© graphic design by R. Hametner

Schematic of the basement membrane zone (BMZ). Intermediate filaments composed of keratin 5 and 14 insert on the keratin (cytoskeletal) linker proteins plectin and BPAG1 (BP230) at the superior aspect of the BMZ. Plectin and BPAG1 interact with transmembrane α6β4 integrin and type XVII collagen (BP180/BPAG2), forming hemidesmosomes that attach basal keratinocytes to the underlying basement membrane. Anchoring filaments reach out below the hemidesmosome and include laminin-332 and laminin-311 that associate with type XVII collagen and α6β4 integrin, but also laminin-511, type IV collagen and nidogen, thereby forming the lamina densa. Anchoring fibrils extend as banded projections from the lamina densa and contain type VII collagen molecules. Type VII collagen triple helices attach the lamina densa to papillary dermis and are critical for the integrity of the epidermal-dermal junction through their ability to bind laminin-332.

Clinical Description

In RDEB-I, the disease starts at birth in a generalized fashion. During early childhood, blister formation then shows the tendency to localize at intertriginous skin sites (skin folds), the neck and the lumbosacral area. The oral cavity, esophagus and the lowermost portion of the genitourinary tract are severely affected. Nail dystrophy shows variable severity among patients. Esophageal involvement may result in strictures and impairment of nutrient intake. Lesions of the genitourinary tract may lead to vaginal strictures and impairment of normal sexual function. RDEB-I patients may develop SCCs, but with a much lower cumulative risk, compared to RDEB-gen severe and RDEB-gen intermediate [2].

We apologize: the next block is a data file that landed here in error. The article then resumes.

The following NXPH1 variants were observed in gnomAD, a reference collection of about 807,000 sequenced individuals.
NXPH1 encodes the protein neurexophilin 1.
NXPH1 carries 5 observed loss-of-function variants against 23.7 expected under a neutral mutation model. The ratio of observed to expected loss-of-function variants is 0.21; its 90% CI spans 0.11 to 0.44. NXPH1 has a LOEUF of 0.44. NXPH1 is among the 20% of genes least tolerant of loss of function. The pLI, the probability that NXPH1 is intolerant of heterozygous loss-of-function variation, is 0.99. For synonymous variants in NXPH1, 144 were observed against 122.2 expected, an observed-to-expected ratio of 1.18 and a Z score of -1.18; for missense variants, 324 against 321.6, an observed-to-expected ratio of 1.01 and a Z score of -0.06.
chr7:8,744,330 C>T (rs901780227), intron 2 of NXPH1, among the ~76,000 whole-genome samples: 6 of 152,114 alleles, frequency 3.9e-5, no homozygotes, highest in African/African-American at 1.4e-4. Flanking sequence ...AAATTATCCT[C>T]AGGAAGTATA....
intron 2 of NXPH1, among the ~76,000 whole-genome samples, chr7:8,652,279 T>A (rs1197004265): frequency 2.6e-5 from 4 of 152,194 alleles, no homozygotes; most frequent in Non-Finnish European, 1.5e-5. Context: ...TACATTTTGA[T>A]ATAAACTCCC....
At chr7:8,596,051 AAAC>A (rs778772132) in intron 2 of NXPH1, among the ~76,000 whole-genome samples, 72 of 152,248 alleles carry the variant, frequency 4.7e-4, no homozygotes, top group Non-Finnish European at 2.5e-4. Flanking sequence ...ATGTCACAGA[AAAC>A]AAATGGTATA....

More than 600 distinct mutations in the COL7A1 gene have been disclosed in DEB that interfere with the structural and functional integrity of its proteinaceous product, the type VII collagen [7, 8]. The latter polymerizes to form anchoring fibrils (AF) that anchor the epidermal basement membrane with the dermis. Collagen VII in normal tissues is restricted to stratified squamous epithelia, with blistering affecting the skin, mucous membranes and upper third of the esophagus. Secondary systemic manifestations of DEB, such as anemia, renal failure and squamous cell carcinomas are downstream complications due to blood loss, infections and chronic inflammation. In DEB skin, collagen VII is either reduced or absent. Ultrastructurally, electron microscopy reveals paucity, rudimentary structure, or complete lack of AF.